“This week there was a demonstration in Kabul, with only six or seven women, but it’s a sign of how women are going to raise their voices. I think they will, to bring to the world’s attention what is being imposed on them. Women just want equal rights and respect.

“I don’t know what will happen next. In statements to the press, the Taliban say that this time things are going to be different. But for that to happen they have to take bold steps at all levels, because the political leaders may say one thing, but the foot soldiers do things that don’t match those statements.”

“Political office holders have been exposed to a lot of international experiences living in Qatar for negotiations. Living in an Islamic emirate that does allow women to go to school and where there are women in politics has opened their eyes. But the Islam of the Taliban is deeply conservative, mixed with a tradition that is not Islamic; the burqa has no place in Islam, it is not Islamic, but the younger Taliban have not even been educated.”

“Yesterday I spoke to a young Taliban man and asked him why he joined. ‘My religion called me,’ he replied. But I don’t know what he can know about his religion if he hasn’t been educated.”

He doesn’t want to leave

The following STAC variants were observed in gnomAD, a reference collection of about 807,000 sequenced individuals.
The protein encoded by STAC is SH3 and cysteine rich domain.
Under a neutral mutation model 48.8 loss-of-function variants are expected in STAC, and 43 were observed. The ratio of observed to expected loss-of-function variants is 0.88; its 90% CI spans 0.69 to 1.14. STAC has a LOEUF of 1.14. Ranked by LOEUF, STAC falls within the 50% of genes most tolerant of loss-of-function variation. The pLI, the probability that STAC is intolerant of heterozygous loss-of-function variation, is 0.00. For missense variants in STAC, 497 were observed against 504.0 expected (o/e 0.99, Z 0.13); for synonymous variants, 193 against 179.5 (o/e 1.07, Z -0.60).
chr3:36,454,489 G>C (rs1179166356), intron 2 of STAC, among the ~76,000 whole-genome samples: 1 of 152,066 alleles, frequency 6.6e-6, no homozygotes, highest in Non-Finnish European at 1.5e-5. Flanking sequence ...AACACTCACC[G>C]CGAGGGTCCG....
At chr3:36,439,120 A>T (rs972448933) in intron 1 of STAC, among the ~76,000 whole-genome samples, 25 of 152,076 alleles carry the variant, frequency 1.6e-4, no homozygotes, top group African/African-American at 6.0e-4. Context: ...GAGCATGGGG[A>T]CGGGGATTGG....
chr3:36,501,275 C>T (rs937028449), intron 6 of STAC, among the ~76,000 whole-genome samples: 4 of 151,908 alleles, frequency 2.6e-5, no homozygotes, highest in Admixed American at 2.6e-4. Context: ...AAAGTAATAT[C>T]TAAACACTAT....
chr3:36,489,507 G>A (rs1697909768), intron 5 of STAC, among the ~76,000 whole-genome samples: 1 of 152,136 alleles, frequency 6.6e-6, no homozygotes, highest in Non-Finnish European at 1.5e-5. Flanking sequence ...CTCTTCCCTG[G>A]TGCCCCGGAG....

“Would I leave the country for good? No. There is a lot of hope in what I do. A lot of people have confidence and are watching”.

“This is my country and all my life I have lived with the ups and downs of Afghanistan. I think it’s not a matter of choice. I would never substitute the climate and the warmth of my people for any other country in the world. I have given my blood for it… But right now I am in danger, in danger because of who I am and what I do. To speak out is to irritate those people I oppose. It’s not just the Taliban, there are other groups too.”

“I have already been the victim of two assassination attempts. In August last year I was hit in the arm with bullets that missed my chest. My daughters live in Kabul. My sister’s house has already been attacked. She and my niece are in this work and are in danger. All my family members are in danger, women and men.

“If I had a choice, I would leave, take my daughters to a safe place and then come back.”

Anger with the US

“People are very angry and disappointed and there are many who will never trust the US again, because of the withdrawal and the way it has been carried out. But you also have to remember that in 2014 it was John Kerry who came to Kabul and, with his intervention, made Ashraf Ghani president.”

“It’s very difficult to know what will happen. Things are very uncertain. The best scenario is that we are able to establish an inclusive government that reflects all the people of Afghanistan and that we have elections in which women and all other social groups participate. The worst-case scenario is that the international community turns its back on us and an Islamic Taliban emirate comes into effect and turns Afghanistan back into a disgrace.

“I can only stay here and fight for this country, for the women and for the men,” she said.

Translation by Francisco de Zárate